There is no doubt that the Internet of Things (IoT) will reshape the mining industry and its workforce. Indeed, more and more operations are rolling out IoT projects; in 2018 it was only 2% of mines, now it is 65%! We are now finding that many of the start-up projects we are consulting with are considering how IoT will affect their workforce development strategy.
With 5G networks being rolled out (handling up to 20 gigabits per second of data) the possibility of data exchange between ‘things’ on a mine site in real-time without congestion means planning for a ‘smart mine’ needs to occur now. But what does IoT look like in terms of training and workforce development? There are two sides to this. Firstly, we need to consider what a future workforce looks like and, secondly how IoT affects training and competency management. So, let’s peer into the future…
IoT is about data. That is, grabbing data from all parts of the operation and other sources through sensors and monitors. The data can be used for a range of applications, but a key aspect is predictive maintenance. Furthermore, the system learns and determines what typical conditions are, and when a failure will likely occur. It could order a replacement forthe worn component ahead of time, or even print one using 3D printing.
From a competency point of view, the maintenance team will need to understand (beyond moving a mouse around) the parameters, a basic understanding of pump components, alarms and response, back-up procedures, and communication. But the same team could be monitoring 100’s of different moving components on the site (or multiple sites).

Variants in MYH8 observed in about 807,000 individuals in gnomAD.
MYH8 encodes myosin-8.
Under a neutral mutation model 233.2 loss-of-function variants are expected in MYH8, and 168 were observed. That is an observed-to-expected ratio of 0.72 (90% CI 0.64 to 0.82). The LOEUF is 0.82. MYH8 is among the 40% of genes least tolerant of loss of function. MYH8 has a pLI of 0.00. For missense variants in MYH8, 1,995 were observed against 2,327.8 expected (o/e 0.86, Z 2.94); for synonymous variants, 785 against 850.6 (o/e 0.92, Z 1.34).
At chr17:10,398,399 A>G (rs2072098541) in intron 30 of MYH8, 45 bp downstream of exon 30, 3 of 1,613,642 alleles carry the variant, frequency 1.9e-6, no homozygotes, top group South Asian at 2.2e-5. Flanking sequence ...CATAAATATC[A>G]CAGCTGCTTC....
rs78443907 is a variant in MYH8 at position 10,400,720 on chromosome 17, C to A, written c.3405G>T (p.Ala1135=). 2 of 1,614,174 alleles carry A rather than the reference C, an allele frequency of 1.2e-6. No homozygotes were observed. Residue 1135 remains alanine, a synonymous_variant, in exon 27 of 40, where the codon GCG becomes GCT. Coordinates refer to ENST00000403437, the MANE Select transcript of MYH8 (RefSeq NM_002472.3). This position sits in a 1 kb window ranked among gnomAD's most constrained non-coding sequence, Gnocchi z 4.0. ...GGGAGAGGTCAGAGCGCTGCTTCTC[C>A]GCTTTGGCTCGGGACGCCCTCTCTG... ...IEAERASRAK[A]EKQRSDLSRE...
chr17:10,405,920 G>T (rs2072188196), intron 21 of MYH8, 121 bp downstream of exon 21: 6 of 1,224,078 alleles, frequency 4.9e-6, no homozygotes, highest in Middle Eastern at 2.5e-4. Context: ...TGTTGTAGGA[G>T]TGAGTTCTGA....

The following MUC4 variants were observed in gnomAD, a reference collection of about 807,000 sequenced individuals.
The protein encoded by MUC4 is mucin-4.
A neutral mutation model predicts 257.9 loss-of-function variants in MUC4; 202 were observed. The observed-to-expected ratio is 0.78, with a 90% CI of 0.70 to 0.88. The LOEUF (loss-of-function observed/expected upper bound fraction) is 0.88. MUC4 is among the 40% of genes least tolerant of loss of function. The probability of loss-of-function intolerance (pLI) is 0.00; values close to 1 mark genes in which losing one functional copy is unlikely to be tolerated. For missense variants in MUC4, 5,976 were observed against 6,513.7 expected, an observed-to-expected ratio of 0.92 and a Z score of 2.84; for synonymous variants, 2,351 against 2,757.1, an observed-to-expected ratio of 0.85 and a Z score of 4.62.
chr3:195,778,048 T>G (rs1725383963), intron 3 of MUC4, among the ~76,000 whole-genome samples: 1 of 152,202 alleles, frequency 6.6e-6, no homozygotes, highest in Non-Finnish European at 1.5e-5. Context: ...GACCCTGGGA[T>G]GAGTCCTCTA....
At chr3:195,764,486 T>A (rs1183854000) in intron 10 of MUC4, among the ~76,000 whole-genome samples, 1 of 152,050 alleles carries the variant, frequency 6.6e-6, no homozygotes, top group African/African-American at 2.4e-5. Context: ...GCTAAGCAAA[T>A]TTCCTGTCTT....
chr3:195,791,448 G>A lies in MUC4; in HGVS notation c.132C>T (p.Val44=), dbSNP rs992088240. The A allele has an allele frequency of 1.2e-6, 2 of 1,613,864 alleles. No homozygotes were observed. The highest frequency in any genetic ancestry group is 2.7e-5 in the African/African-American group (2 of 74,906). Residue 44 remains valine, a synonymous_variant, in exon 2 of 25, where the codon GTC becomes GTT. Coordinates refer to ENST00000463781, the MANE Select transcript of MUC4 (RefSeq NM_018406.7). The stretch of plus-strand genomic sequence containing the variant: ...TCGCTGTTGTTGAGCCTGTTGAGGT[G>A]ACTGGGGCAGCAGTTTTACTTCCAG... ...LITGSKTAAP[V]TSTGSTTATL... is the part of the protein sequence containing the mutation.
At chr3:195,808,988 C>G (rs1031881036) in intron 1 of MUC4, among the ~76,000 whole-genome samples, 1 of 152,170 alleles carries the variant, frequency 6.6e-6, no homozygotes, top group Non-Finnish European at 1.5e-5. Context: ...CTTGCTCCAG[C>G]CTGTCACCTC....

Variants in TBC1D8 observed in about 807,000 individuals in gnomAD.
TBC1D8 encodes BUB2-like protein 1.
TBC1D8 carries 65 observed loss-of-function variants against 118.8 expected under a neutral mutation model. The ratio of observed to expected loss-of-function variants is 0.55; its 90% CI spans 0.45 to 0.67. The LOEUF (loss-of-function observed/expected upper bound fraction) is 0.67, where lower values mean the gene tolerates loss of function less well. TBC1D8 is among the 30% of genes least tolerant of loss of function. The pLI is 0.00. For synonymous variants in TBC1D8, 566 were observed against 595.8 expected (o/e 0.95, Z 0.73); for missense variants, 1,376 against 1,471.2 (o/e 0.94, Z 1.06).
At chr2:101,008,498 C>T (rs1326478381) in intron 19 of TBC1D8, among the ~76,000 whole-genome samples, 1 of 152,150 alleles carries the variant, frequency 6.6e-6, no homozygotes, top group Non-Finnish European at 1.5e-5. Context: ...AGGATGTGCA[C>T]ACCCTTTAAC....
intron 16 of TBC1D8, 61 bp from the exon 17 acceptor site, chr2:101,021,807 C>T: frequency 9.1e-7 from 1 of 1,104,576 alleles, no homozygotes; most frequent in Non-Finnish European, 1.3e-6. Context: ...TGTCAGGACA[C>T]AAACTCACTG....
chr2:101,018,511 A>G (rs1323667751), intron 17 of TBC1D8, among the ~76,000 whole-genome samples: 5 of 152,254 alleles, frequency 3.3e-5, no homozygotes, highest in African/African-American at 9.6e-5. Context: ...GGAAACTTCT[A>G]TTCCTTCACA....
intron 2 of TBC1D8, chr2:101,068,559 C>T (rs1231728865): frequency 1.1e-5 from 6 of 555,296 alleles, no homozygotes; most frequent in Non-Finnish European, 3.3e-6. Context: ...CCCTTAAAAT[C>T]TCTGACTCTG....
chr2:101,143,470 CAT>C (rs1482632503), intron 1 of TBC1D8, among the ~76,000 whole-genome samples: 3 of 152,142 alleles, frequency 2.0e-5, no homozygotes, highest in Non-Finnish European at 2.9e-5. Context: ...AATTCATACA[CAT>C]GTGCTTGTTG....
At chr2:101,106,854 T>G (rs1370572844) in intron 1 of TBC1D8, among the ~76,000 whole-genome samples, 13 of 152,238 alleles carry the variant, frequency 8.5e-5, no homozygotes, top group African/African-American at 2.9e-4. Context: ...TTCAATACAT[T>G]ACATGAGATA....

This means that these personnel will be generalists but with technical competencies as opposed to specialist pump maintainers who have traditionally been non-technical. They are the ones that drive out to the pump, set up their alignment and diagnostic gear, and use their five senses to gauge the condition. Skills that shouldn’t be discounted but take a long time to develop.
Training and Workforce Development
Given this scenario, if monitoring occurs remotely and predicting failures becomes computer or algorithm-based, then maintenance workers may not be required to be out in the field as often. This would mean that many of the ‘fringing’ competencies can be removed from their individual training and competency plans. A
dditionally, the system will generate a component change out procedure that is specific, detailed and simplistic. No guesswork or know-how is required. Therefore, the traditional three year plus trade qualification does not necessarily apply, only basic mechanical maintenance principles coupled with the application of quality standards is required.
IoT and other technologies are really going to change workforce development strategies and, in most cases, reduce the lead times and training burden. As an example, it traditionally takes 2 to 4 years for a London cab driver to be deemed “competent”. Now, with introduction of rideshare providers like Uber, it takes about 4 days! They both perform the same task, although quality standards may be viewed as another issue.